Perhaps no words in scripture better capture the prophetic judgement and indictment AND hope and expectation than the words from Joel 2:12-17, now reinterpreted by Eugene Peterson in The Message:
...It's not too late - this is God's personal Message - Come back to me and really mean it! Come fasting and weeping, sorry for your sins! Change your life, not just your clothes! Come back to God, your God because God is kind and merciful! He takes a deep breath and puts up with a lot, This most patient God, extravagant in love, always ready to cancel catastrophe, Who knows me? Maybe he'll do it now, maybe he'll turn around and show pity. Maybe, when all is said and done, there'll be blessings full and robust for your God!"
The Prophet Joel understood what we must understand as we begin this Lenten journey today. First and foremost, we must return to God! We must confess our sins (which simply means the places in which we have missed the mark) and return to a God who is kind and merciful (slow to anger and resistant to judgement without cause). We must return to our God who is a most patient God - a God who embraces each of us with extravagant love. Confession, forgiveness, return, renewal. Now is the time for God!
There has never been a time we need God more than times such as these. This is a time of crisis. The crisis is visible. It is public. It is an emergent and urgent in nature. The crisis is close at hand. It requires a response. The crisis is economic in nature. It is political in nature. It is spiritual in nature. It is familial in nature. But, underlying each of these, the crisis is moral in nature.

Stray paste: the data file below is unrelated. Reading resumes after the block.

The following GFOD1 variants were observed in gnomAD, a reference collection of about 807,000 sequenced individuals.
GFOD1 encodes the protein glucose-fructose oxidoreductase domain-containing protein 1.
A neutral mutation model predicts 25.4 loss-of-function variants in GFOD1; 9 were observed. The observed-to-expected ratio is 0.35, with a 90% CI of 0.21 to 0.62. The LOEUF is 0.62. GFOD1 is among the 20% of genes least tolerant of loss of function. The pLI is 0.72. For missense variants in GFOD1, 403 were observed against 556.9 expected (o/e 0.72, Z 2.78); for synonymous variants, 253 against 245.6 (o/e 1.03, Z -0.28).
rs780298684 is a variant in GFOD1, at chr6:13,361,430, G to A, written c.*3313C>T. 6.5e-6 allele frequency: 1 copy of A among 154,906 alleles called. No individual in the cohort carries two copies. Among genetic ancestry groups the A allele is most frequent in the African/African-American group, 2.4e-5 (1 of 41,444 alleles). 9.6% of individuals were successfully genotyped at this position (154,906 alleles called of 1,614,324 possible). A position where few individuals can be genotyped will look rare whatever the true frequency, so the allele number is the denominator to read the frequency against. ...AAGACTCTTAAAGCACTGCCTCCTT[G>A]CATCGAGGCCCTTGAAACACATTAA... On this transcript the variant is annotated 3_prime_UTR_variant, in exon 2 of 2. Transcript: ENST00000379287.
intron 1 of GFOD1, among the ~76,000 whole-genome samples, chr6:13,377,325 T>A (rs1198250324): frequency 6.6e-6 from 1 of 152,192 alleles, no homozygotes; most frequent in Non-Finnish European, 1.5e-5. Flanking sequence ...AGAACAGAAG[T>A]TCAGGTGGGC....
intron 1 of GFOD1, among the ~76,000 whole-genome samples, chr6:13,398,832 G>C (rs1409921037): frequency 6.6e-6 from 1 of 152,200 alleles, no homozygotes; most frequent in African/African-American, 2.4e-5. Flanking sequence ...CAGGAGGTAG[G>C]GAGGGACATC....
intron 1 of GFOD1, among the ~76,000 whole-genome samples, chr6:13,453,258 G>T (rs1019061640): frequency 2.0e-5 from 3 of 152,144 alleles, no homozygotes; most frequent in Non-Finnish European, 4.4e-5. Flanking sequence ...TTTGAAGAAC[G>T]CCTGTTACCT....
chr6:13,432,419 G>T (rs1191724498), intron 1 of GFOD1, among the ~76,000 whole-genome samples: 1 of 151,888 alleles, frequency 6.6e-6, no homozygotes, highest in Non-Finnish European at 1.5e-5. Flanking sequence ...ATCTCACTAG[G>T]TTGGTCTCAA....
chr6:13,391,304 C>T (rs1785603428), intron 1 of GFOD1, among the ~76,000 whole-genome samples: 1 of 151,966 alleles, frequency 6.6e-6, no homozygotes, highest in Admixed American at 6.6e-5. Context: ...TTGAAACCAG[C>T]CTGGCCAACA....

Morality is concerned with right conduct or virtuous behavior. Moral conduct and behavior is the undergirding belief system which directs thought and action. Into our national vocabulary has grown an expression based on morality which has captivated the political right and alienated much of the rest of America. That expression is "Moral Values." Moral Values has become a watchword and a launch pad for certain issues narrowly defined by a small group of people of the political and religious right. At the heart of their definition is division. The division is political, spiritual and yes, familial, in nature. It is a moral division.
Having said that, I also believe from the depth of my heart, moral values and morality, need to be dealt with and addressed. So the initiative is meritorious, while the method and message are problematic.
In his book, Moral Politics, Dr. George Lakoff, a professor of linguistics at University of California Berkeley writes:
(This division) is about what you think makes a `good' person and what is the `right' thing to do. And goes even deeper than that: it is ultimately a family-based division, about what you think the right kind of family is - whether your parents were good parents, whether you are a good parent to your children, and whether you were raised right. This political division is personal. It has to do with what kind of a person you are (and) this division is ultimately a division between strictness and nurturance as ideals at all levels - from the family to morality to religion, and ultimately, to politics. (George Lakoff, Moral Politics, University of Chicago Press, Chicago, Ill., 2002, pp. IX-X).
A division between strictness and nurturance. How true! If you are to break down the analysis to its most commonly held value, the difference in moral values boils down to a systemic approach in parenting and politics, in faith and values to one of strictness or nurturance. Lakoff makes the case that the reasons for this division are part of what cognitive scientists call the Cognitive Unconscious. In other words, we come to our standing places on issues of moral values from a ground of being that is largely unconscious in nature. That deserves more unpacking than I can do today - but I will attempt to explore this further in the weeks ahead.